Imagine a week at a camp where courage abounds,
Although fun, the rhymes hardly capture the exuberance on the last day of activity at Camp Kemo, a weeklong annual experience led by Palmetto Health Children’s Hospital for children with cancer and blood disorders and their siblings.
This year’s camp was Dr. Seuss-themed, and Friday’s events were colorful and joyful.
Donning white T-shirts and blue plastic sunglasses, more than 100 children rushed the campground field and quickly engulfed themselves in a cloud of powdered paint, creating a scene that could rival the pages of any Seuss storybook.
Camp Kemo is designed to offer the kids, ranging from 5 to 18 years old, a normal, playful camp experience in the midst of dealing with challenging illnesses, said camp director Cassandra Shea. It’s a place “to create happy memories that sort of shine over and outshine the negative memories of this time in their life,” she said.
Shea can connect with the kids better than many adults – she’s beaten cancer twice herself.
“There aren’t always a ton of people around that can sit with them and say, ‘I get it.’ I know this is awful. I know that it’s terrible to feel so sick all the time and to not want to eat and to lose your hair,” Shea said. “I like to be able to provide at least just that sense of ‘we’re not alone’ to them.”
Many campers return year after year – they’re eligible for up to five years after they’ve completed their treatment. And even after their time runs out as campers, many return as counselors.
Hillary Johnson has been a counselor for eight years. She also spent three years as a camper after being diagnosed with ovarian cancer at age 13. After coming to Camp Kemo, she said, it’s hard not to keep coming back.
“It’s rewarding,” Johnson said. “I always say I don’t regret what happened to me because I got to meet so many people who are still close friends.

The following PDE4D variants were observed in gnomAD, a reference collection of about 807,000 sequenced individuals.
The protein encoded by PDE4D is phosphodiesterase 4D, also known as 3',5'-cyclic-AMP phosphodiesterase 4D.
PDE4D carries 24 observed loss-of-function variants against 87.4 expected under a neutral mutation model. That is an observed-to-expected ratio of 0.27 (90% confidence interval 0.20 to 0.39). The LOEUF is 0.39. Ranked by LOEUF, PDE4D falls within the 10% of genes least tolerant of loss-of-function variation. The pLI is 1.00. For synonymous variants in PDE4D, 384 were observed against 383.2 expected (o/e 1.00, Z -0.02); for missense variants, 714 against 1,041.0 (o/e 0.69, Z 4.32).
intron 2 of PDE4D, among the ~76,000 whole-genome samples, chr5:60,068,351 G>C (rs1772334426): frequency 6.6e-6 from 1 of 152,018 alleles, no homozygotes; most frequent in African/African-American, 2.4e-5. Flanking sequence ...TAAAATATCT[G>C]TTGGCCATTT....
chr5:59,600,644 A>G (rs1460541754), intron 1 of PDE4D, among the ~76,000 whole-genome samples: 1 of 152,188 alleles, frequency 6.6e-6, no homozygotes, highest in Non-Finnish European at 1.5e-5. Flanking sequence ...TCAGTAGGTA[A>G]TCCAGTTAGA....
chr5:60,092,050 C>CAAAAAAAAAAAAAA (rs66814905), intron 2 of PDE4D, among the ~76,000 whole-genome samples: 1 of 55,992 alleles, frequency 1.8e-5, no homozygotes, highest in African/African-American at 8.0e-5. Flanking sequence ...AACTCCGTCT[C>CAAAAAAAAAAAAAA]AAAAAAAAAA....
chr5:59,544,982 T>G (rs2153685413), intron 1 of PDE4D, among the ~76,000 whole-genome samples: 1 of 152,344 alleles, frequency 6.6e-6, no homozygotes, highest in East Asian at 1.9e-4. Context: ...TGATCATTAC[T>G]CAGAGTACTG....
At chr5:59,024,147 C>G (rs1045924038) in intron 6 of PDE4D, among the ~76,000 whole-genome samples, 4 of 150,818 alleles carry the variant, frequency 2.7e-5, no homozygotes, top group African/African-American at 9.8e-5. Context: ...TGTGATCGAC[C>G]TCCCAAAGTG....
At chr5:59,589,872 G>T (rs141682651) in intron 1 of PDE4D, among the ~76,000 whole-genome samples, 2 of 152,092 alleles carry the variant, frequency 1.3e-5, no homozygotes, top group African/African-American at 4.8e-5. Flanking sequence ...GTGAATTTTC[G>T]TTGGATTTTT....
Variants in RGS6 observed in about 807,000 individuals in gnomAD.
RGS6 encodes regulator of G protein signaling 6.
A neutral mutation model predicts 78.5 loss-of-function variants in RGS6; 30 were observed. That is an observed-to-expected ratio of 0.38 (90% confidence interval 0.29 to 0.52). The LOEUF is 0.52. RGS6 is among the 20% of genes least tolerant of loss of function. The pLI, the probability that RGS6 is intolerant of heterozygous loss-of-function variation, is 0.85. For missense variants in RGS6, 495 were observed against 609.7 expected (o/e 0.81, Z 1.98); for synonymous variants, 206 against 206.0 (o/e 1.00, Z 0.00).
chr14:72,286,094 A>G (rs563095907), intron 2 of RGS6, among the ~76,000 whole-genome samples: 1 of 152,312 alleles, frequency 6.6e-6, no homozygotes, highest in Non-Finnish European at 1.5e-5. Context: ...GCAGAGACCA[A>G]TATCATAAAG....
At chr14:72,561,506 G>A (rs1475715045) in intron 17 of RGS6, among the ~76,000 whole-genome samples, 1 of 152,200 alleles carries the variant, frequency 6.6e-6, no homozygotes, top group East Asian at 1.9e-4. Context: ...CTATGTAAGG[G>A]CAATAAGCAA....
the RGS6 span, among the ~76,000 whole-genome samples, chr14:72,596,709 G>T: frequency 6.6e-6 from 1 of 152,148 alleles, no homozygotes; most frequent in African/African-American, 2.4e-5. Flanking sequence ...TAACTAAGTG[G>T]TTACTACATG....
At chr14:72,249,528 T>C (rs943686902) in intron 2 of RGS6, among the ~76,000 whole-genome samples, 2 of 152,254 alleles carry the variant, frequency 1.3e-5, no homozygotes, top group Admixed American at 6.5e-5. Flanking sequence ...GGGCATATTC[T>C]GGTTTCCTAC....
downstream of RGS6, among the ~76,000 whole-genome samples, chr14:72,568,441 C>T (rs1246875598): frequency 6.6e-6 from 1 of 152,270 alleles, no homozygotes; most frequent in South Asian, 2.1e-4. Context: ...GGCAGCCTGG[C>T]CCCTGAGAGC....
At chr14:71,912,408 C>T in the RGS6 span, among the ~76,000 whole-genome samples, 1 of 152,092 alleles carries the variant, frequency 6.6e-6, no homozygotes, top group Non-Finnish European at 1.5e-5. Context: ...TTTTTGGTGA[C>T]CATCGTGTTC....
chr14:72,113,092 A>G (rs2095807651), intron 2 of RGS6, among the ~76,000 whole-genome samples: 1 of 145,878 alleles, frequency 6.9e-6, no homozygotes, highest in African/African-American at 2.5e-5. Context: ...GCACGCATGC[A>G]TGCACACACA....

“Just seeing how much fun (the kids) have just reminds me of how much fun I had, so that’s why I continue to come.”
Inspirational Seuss quotes dotted the campground this year, but it’s the stories of past and present campers’ courage that inspire the campers and counselors.
Abi Cruz’s challenge began when she was working on a biology project two years ago. She had been trying to break apart a piece of foam board but, instead, broke her arm. On May 25, 2012, she was diagnosed with osteosarcoma, a kind of bone cancer. And on Feb. 17, 2013, she completed treatment. Now 16, Abi’s been healthy ever since.
If cancer taught her anything, she said, it’s “keeping those close to you closer.”
Before Abi’s illness, her relationship with her 13-year-old sister, Olivia, was nothing like it is now, they said.
“Just little things. Like, (before) I wouldn't want to be anywhere near her, and now I follow her around a lot,” Olivia said. “Some siblings, they just don’t interact at all. ...But now Abi and I, it’s like, ‘Hey, that’s my sister – I’m going to go give her a hug just because I can.’”
Abi and Olivia attended Camp Kemo for the first time last year. Back again this year, they said the camp has been a place for them to connect with people whose stories are like their own.
“There’s really no need to be hesitant at all when you’re here,” Abi said. “It’s just a really good time because you feel like you’re just the same as everyone else.”